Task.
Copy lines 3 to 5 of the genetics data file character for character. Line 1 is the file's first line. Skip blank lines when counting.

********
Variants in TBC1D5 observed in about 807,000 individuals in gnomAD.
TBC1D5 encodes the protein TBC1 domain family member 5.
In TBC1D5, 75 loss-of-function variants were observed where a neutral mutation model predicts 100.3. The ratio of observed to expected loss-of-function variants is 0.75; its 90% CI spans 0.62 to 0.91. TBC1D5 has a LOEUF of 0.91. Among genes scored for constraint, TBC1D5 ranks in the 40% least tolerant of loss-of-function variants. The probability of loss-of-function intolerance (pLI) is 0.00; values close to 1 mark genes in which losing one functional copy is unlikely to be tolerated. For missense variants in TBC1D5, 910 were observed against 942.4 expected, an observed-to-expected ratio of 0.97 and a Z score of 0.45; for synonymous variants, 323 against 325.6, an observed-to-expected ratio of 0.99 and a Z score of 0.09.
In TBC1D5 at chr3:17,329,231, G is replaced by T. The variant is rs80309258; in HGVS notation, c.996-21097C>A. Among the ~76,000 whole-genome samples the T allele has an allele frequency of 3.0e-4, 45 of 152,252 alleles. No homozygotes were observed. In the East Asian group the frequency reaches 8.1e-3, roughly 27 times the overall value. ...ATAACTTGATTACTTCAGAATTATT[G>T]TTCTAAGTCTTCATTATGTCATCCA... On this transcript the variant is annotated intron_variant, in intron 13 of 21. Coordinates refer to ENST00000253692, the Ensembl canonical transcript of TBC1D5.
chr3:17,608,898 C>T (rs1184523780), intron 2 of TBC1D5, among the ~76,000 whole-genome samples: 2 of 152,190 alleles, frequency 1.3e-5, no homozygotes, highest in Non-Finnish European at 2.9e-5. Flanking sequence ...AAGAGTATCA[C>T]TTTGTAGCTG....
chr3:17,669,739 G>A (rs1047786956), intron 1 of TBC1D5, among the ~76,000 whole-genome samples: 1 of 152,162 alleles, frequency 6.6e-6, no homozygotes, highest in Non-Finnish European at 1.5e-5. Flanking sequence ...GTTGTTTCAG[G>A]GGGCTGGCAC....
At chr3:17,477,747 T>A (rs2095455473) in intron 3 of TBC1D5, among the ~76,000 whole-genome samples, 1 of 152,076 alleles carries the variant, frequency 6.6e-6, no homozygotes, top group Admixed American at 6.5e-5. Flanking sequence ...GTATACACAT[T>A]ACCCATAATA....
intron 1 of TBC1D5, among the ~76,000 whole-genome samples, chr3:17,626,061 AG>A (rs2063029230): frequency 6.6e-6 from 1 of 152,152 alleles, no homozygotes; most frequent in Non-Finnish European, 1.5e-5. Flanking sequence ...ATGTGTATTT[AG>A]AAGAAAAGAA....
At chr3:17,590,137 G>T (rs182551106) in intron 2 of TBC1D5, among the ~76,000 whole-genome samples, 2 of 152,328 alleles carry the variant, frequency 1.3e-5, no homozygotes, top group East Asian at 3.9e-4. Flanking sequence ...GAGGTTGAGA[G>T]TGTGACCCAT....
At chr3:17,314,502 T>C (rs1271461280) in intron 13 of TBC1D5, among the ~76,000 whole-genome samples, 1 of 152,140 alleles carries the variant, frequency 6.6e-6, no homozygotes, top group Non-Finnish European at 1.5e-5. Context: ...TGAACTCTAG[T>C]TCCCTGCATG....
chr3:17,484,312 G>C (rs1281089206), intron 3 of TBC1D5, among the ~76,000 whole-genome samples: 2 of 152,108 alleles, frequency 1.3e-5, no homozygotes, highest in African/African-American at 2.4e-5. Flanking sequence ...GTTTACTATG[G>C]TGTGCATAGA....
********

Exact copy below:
In TBC1D5, 75 loss-of-function variants were observed where a neutral mutation model predicts 100.3. The ratio of observed to expected loss-of-function variants is 0.75; its 90% CI spans 0.62 to 0.91. TBC1D5 has a LOEUF of 0.91. Among genes scored for constraint, TBC1D5 ranks in the 40% least tolerant of loss-of-function variants. The probability of loss-of-function intolerance (pLI) is 0.00; values close to 1 mark genes in which losing one functional copy is unlikely to be tolerated. For missense variants in TBC1D5, 910 were observed against 942.4 expected, an observed-to-expected ratio of 0.97 and a Z score of 0.45; for synonymous variants, 323 against 325.6, an observed-to-expected ratio of 0.99 and a Z score of 0.09.
In TBC1D5 at chr3:17,329,231, G is replaced by T. The variant is rs80309258; in HGVS notation, c.996-21097C>A. Among the ~76,000 whole-genome samples the T allele has an allele frequency of 3.0e-4, 45 of 152,252 alleles. No homozygotes were observed. In the East Asian group the frequency reaches 8.1e-3, roughly 27 times the overall value. ...ATAACTTGATTACTTCAGAATTATT[G>T]TTCTAAGTCTTCATTATGTCATCCA... On this transcript the variant is annotated intron_variant, in intron 13 of 21. Coordinates refer to ENST00000253692, the Ensembl canonical transcript of TBC1D5.
chr3:17,608,898 C>T (rs1184523780), intron 2 of TBC1D5, among the ~76,000 whole-genome samples: 2 of 152,190 alleles, frequency 1.3e-5, no homozygotes, highest in Non-Finnish European at 2.9e-5. Flanking sequence ...AAGAGTATCA[C>T]TTTGTAGCTG....